Spain raised € 3.2 billion ($4.1 billion), within the range it had targeted but below the maximum €3.5 billion it had sought.
Demand was just 1.5 times the amount offered, less than at previous similar auctions.
The Treasury sold €2.15 billion of 10-year bonds and €1.05 billion of 15-year bonds.
Yields on the ten-year bond rose to 2.196 per cent, up from 2.075 per cent during the last similar auction in October when it hit a historic low.
Ten-year bonds are considered to be the main barometer of a country's standing on the eurozone bond market.
Yields on the 15-year bond fell to 2.842 per cent, down from 3.514 per cent during the last similar auction in May.
Spain, the eurozone's fourth-largest economy which exited recession last year, plans to borrow slightly over €242 billion from debt markets this year, with €133 billion in medium- and long-term bonds.
Investor sentiment for Spain, which came close to requesting a sovereign bailout at the height of the eurozone crisis, had improved in previous auctions due to its better growth outlook and growing confidence in eurozone periphery countries.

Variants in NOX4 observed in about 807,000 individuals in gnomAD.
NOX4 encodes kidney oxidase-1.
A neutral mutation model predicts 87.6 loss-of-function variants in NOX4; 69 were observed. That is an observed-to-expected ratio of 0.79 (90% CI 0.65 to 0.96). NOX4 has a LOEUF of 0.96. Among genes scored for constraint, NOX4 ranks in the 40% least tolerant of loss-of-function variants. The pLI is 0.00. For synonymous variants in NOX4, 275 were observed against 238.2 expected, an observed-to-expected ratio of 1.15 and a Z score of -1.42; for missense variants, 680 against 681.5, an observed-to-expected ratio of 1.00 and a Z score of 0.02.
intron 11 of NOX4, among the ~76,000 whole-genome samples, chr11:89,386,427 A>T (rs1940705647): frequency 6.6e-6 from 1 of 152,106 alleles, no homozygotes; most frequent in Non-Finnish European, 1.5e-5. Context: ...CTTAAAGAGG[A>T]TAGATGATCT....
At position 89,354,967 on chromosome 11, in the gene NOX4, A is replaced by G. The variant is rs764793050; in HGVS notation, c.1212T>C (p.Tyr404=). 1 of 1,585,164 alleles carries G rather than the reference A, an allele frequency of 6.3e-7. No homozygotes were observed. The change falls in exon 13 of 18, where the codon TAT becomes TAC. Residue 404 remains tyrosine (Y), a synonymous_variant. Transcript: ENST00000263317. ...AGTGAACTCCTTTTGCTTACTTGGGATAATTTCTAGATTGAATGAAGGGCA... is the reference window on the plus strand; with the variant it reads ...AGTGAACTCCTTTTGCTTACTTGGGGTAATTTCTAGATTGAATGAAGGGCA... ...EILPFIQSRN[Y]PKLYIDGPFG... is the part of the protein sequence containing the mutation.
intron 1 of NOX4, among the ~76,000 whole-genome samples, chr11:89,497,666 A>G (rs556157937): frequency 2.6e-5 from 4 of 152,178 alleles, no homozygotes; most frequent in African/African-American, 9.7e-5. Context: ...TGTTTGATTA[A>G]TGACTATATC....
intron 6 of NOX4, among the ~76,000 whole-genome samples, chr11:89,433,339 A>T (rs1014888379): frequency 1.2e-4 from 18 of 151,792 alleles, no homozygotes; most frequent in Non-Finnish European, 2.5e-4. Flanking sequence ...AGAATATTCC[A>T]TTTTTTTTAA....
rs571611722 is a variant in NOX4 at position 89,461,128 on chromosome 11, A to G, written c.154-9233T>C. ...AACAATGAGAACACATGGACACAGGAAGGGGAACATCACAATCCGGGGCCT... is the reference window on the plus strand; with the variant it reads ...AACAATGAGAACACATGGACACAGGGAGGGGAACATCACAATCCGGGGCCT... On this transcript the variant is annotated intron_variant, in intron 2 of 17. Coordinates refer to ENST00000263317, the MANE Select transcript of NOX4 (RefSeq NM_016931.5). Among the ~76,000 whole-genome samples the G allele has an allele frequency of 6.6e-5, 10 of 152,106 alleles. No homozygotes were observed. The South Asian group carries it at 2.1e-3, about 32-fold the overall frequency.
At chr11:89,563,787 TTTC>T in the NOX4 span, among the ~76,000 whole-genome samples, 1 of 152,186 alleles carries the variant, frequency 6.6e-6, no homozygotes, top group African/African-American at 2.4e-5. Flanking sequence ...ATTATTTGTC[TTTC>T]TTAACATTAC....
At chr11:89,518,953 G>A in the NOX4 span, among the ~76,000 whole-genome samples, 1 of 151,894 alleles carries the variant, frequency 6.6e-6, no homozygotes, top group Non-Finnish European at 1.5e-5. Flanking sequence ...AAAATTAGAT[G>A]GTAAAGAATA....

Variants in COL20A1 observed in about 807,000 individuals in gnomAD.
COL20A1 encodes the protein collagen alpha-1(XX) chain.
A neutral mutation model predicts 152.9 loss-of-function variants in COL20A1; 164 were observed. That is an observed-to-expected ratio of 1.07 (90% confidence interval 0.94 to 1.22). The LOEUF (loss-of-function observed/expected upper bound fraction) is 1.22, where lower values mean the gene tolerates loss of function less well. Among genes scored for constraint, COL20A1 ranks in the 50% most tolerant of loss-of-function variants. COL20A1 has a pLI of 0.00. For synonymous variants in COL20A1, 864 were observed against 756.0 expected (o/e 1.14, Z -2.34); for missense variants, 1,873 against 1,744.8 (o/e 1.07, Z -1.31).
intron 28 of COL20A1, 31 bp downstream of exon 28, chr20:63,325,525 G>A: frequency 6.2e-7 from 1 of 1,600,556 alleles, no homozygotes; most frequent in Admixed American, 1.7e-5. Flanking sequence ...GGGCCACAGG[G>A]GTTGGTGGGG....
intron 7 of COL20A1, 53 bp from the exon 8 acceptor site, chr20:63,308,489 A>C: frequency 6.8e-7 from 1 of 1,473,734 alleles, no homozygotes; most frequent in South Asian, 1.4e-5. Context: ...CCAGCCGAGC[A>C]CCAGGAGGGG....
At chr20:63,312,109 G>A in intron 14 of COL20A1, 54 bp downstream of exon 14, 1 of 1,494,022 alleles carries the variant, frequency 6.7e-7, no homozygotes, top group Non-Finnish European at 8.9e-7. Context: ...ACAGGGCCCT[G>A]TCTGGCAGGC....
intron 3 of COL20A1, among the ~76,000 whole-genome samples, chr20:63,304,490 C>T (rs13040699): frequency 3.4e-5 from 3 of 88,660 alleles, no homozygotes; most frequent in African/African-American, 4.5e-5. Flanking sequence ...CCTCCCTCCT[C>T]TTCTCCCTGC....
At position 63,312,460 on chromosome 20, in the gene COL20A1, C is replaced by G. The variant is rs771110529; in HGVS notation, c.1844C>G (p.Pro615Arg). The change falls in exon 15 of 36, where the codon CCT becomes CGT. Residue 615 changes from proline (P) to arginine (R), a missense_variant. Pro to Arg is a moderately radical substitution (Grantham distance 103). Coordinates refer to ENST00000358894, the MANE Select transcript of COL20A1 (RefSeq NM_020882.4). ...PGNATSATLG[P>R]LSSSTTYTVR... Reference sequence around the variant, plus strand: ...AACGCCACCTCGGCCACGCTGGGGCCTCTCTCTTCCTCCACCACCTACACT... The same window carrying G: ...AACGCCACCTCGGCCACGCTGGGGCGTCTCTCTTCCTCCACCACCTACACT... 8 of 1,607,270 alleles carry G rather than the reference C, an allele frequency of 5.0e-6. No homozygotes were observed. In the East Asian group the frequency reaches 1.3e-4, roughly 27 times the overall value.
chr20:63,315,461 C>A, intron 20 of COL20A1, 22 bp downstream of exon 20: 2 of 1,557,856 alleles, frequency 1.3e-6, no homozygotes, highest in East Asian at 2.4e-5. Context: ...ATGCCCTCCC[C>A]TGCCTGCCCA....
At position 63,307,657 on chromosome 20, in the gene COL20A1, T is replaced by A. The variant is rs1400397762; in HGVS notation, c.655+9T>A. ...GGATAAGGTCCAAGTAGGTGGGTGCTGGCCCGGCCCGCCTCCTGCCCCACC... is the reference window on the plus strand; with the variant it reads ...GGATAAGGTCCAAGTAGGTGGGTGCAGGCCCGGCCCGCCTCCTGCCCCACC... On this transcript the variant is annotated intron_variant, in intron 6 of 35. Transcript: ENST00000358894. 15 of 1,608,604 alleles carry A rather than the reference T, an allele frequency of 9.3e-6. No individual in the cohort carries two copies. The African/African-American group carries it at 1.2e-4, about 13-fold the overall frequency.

But lower growth forecasts in Germany, the eurozone's largest economy, and ultralow inflation, have fulled fears over slowing global growth and hurt sentiment for eurozone periphery nations.
Bond yields for these countries shot up on Thursday in the secondary trading markets, indicating that investors are demanding more to hold on to debt from these countries.
The yield on Spanish 10-year bonds jumped to 2.356 per cent from 2.116 per cent on Wednesday.
Greek 10-year bonds jumped to 8.656 per cent from 7.854 per cent. Portugal rose from 3.585 per cent from 3.286 per cent, while Italy climbed to 2.665 per cent from 2.422 per cent.
European stock markets also slumped following the Spanish bond auction, with the Paris, Milan, Madrid, Lisbon and Amsterdam exchanges each fell by more than 3 per cent.